The Poor Man’s Way of Collecting

Over the past many years of collecting “stuff”, I’ve come to the realization of a number of things. To start off with, there is no way I can collect all the cool stuff that exist. There is too much of it, it would cost too much and it takes up way too much space. So what is a hoarder to do when they’re also a sort of a neat freak? Thank goodness we now live in the digital age. We have those 1TB and greater hard drives a person can purchase for what years ago would seem like next to nothing. So I now have a collection of Andy Warhol paintings, along with Van Gogh. Hundreds of vintage movie posters along with stacks of War era posters and gobs of vintage sheet music. I can look at them anytime I feel like it. No need to travel to Pittsburgh to the Andy Warhol Museum or to Amsterdan to the Van Gogh Museum. Oh and I also have a collection of sculptures from antiquity, cool huh?

WW1 Navy Recruiting poster
An American WW1 poster from 1917.

Granted, 2D items are much easier to collect digitally than 3D items, but I can’t afford a ’65 GTO, so having some photos of one to look at is somewhat comforting. Now with youtube I can rip the videos and save those to my hard drive and watch a ’65 GTO go down the street  without a care in the world about the paint job or even the insurance.

There are a few things that I still physically collect and this digital image collecting has become helpful in that area too believe it or not. I’m finding items out there on the internet that I didn’t even know existed, but now I have it, virtually. The actual item may now be in someone else’s collection, but I now know that there is at least one out there and possibly two. I can be on the hunt for this item, asking other collectors if they have such item or seen such item and where.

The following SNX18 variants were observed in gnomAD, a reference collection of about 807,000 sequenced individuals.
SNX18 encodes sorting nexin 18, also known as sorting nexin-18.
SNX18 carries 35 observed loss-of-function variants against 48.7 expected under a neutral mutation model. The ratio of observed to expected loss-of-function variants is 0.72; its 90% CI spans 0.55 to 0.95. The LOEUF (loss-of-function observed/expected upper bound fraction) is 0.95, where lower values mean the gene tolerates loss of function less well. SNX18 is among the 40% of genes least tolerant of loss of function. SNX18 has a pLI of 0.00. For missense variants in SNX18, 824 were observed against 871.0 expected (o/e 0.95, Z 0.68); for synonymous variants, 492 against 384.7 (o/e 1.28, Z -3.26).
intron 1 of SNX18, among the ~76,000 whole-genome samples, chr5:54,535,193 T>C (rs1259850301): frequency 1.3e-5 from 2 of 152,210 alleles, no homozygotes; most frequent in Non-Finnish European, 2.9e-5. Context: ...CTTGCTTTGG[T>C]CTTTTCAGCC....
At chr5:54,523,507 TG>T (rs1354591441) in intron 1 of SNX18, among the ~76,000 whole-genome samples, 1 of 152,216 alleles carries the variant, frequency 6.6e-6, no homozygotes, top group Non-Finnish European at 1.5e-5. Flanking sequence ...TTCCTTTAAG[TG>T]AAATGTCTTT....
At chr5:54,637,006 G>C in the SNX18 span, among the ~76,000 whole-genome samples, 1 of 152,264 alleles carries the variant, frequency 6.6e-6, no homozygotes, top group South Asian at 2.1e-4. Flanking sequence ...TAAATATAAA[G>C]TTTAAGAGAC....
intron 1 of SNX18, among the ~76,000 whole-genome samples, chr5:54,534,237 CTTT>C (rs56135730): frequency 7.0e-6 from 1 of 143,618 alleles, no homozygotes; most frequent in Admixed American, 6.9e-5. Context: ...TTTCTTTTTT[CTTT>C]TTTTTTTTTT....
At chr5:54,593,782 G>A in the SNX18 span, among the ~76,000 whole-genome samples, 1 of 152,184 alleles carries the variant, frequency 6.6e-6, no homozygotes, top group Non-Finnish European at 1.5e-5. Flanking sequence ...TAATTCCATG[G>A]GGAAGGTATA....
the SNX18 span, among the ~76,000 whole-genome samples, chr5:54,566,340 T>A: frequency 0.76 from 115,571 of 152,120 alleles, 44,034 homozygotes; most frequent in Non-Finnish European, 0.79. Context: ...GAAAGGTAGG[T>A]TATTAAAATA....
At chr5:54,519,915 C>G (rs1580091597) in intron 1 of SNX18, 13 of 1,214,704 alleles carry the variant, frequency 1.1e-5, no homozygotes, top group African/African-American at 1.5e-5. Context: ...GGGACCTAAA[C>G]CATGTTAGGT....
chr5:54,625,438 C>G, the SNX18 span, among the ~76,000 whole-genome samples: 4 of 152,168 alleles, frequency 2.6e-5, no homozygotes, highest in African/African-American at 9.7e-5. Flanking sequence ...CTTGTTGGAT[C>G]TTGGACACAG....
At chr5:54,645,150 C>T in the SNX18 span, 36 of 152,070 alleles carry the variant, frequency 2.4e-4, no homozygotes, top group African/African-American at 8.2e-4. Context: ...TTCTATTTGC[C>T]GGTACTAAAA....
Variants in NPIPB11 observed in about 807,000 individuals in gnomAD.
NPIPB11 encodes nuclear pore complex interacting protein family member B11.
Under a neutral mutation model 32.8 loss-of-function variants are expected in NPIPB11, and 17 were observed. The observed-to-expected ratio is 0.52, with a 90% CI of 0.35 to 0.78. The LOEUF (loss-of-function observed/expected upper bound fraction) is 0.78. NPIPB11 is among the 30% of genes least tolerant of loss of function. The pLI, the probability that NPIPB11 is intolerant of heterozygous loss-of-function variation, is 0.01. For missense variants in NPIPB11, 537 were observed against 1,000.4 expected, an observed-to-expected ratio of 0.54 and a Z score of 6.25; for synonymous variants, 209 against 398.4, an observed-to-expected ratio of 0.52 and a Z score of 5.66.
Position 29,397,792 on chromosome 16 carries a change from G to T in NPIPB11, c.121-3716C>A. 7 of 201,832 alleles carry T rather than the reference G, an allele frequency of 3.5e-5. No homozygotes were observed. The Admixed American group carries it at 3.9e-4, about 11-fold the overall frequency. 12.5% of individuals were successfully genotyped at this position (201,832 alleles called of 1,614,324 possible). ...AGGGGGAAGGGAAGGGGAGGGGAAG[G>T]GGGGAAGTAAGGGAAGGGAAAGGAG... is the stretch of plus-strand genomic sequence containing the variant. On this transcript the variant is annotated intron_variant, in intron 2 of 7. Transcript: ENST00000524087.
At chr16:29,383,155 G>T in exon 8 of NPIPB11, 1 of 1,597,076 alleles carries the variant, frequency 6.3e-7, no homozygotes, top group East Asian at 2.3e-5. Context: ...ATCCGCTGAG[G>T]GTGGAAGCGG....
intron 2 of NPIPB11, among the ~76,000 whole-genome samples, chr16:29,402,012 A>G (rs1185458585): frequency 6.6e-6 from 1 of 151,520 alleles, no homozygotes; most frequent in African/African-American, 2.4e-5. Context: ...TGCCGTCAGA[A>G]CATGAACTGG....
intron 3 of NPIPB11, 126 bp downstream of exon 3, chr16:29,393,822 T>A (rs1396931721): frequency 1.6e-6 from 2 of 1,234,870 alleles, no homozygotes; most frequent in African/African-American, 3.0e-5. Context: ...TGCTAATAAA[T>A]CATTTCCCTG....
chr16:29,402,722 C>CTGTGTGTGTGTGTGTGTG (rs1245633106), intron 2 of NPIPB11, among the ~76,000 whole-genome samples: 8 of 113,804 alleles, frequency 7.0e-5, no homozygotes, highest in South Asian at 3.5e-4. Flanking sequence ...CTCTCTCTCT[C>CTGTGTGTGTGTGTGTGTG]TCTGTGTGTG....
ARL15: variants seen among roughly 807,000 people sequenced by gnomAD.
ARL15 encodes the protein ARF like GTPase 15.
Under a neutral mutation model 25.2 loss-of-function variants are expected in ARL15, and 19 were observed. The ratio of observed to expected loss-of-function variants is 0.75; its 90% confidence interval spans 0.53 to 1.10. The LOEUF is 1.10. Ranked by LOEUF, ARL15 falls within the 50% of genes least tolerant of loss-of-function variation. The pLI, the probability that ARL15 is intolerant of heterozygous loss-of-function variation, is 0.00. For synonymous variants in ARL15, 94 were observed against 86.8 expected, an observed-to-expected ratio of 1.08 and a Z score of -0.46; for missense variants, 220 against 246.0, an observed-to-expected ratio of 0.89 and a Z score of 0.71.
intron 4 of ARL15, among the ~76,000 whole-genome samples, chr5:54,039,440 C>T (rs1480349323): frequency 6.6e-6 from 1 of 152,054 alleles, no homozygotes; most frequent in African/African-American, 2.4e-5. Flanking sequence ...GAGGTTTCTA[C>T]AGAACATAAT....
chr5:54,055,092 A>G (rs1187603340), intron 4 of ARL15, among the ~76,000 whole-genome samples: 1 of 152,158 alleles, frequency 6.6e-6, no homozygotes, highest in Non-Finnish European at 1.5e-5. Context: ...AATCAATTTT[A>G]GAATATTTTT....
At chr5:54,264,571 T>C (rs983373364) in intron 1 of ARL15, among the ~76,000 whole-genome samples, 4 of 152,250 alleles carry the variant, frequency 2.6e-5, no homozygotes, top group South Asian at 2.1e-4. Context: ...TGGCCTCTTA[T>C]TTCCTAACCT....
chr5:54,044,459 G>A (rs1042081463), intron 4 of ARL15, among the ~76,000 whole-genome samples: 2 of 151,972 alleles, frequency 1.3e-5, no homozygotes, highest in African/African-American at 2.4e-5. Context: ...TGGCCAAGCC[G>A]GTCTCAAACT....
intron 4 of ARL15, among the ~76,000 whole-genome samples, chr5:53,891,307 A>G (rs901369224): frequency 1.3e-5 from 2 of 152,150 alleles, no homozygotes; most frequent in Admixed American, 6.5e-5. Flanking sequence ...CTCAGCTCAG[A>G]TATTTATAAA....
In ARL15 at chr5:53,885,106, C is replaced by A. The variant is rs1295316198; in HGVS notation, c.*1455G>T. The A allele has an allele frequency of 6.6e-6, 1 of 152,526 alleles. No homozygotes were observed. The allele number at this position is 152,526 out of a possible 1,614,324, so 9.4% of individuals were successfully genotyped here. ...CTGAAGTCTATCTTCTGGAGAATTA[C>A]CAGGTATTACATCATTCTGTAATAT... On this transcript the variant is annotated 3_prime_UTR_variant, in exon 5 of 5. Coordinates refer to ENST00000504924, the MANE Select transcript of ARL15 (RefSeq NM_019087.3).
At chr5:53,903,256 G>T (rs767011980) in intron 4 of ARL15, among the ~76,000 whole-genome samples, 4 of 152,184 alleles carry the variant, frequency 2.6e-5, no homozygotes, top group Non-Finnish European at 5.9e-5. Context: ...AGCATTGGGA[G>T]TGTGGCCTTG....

Romania Postage Stamp 1964 Olympics Figure Skating
Romania Postage Stamp: 1964 Olympics Figure Skating

Some stuff I’ve stopped collecting physically. Take stamps for an example, my collection is awesomely huge, but worthless. Well, maybe not exactly worthless, it comes in handy as a reference tool. So why download all these images when all one

needs to do is bookmark the page? I’ve found that over time some sites disappear, or even your internet provider goes down for an hour or so and you really need to check some detail at that very same moment. Take the Romanian stamp included in this post which came from Flickr,  downloaded in 2011, will be interesting to see if it’s still there years from now. Now I don’t have to flip through hundreds of pages to find the stamp I’m looking for, I just hit the arrow button on my keyboard and scroll down through images in any given folder. If I wasn’t so busy downloading images all the time I could categorize the images by certain keywords to find them quicker, but who has time to do that?

With all these images and collections out on the internet I can’t help but wonder if the price guide books will slowly fade away? Actually I never really found the price guides of much use for the prices, they’re usually out-dated by the time they’re published anyway. I mainly used them for finding out what cool stuff existed out in the real world. Now I have Google Images for that. Speaking of which, time to peruse my collection of Alphonse Mucha prints.